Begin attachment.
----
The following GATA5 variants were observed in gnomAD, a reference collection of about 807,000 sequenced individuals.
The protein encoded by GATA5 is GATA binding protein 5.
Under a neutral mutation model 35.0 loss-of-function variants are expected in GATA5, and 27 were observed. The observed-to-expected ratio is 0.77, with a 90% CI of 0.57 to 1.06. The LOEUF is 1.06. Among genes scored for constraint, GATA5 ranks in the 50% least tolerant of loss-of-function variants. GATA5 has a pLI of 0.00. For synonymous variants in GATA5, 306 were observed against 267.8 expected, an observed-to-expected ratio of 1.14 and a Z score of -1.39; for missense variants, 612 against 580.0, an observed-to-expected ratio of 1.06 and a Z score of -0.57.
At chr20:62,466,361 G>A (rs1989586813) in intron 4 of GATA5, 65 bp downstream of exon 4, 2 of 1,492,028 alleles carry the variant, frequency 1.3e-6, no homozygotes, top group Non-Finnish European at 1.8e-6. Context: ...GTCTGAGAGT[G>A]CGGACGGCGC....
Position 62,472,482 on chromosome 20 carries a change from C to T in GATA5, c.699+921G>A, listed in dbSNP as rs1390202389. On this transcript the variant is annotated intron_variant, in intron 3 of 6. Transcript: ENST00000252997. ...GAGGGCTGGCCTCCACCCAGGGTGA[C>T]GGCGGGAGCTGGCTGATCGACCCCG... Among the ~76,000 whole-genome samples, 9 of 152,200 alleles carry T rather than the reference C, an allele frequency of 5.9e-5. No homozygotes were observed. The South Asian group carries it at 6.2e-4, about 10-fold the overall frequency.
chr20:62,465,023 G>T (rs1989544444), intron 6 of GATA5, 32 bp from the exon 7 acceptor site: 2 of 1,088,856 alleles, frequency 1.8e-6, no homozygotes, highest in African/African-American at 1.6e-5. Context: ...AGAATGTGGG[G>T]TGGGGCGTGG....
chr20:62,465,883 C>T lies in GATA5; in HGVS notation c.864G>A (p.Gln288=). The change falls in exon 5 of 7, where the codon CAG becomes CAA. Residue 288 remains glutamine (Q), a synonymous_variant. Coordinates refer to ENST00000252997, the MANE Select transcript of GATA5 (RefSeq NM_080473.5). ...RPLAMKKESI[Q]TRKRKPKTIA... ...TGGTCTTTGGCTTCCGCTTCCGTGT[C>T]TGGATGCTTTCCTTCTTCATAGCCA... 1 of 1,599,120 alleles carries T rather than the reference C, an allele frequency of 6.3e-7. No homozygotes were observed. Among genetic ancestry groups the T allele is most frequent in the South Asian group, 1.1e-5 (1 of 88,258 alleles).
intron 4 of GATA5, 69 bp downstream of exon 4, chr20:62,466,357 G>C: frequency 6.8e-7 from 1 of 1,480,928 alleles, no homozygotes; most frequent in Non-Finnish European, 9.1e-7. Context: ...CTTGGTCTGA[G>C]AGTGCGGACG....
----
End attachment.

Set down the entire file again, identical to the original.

The following GATA5 variants were observed in gnomAD, a reference collection of about 807,000 sequenced individuals.
The protein encoded by GATA5 is GATA binding protein 5.
Under a neutral mutation model 35.0 loss-of-function variants are expected in GATA5, and 27 were observed. The observed-to-expected ratio is 0.77, with a 90% CI of 0.57 to 1.06. The LOEUF is 1.06. Among genes scored for constraint, GATA5 ranks in the 50% least tolerant of loss-of-function variants. GATA5 has a pLI of 0.00. For synonymous variants in GATA5, 306 were observed against 267.8 expected, an observed-to-expected ratio of 1.14 and a Z score of -1.39; for missense variants, 612 against 580.0, an observed-to-expected ratio of 1.06 and a Z score of -0.57.
At chr20:62,466,361 G>A (rs1989586813) in intron 4 of GATA5, 65 bp downstream of exon 4, 2 of 1,492,028 alleles carry the variant, frequency 1.3e-6, no homozygotes, top group Non-Finnish European at 1.8e-6. Context: ...GTCTGAGAGT[G>A]CGGACGGCGC....
Position 62,472,482 on chromosome 20 carries a change from C to T in GATA5, c.699+921G>A, listed in dbSNP as rs1390202389. On this transcript the variant is annotated intron_variant, in intron 3 of 6. Transcript: ENST00000252997. ...GAGGGCTGGCCTCCACCCAGGGTGA[C>T]GGCGGGAGCTGGCTGATCGACCCCG... Among the ~76,000 whole-genome samples, 9 of 152,200 alleles carry T rather than the reference C, an allele frequency of 5.9e-5. No homozygotes were observed. The South Asian group carries it at 6.2e-4, about 10-fold the overall frequency.
chr20:62,465,023 G>T (rs1989544444), intron 6 of GATA5, 32 bp from the exon 7 acceptor site: 2 of 1,088,856 alleles, frequency 1.8e-6, no homozygotes, highest in African/African-American at 1.6e-5. Context: ...AGAATGTGGG[G>T]TGGGGCGTGG....
chr20:62,465,883 C>T lies in GATA5; in HGVS notation c.864G>A (p.Gln288=). The change falls in exon 5 of 7, where the codon CAG becomes CAA. Residue 288 remains glutamine (Q), a synonymous_variant. Coordinates refer to ENST00000252997, the MANE Select transcript of GATA5 (RefSeq NM_080473.5). ...RPLAMKKESI[Q]TRKRKPKTIA... ...TGGTCTTTGGCTTCCGCTTCCGTGT[C>T]TGGATGCTTTCCTTCTTCATAGCCA... 1 of 1,599,120 alleles carries T rather than the reference C, an allele frequency of 6.3e-7. No homozygotes were observed. Among genetic ancestry groups the T allele is most frequent in the South Asian group, 1.1e-5 (1 of 88,258 alleles).
intron 4 of GATA5, 69 bp downstream of exon 4, chr20:62,466,357 G>C: frequency 6.8e-7 from 1 of 1,480,928 alleles, no homozygotes; most frequent in Non-Finnish European, 9.1e-7. Context: ...CTTGGTCTGA[G>C]AGTGCGGACG....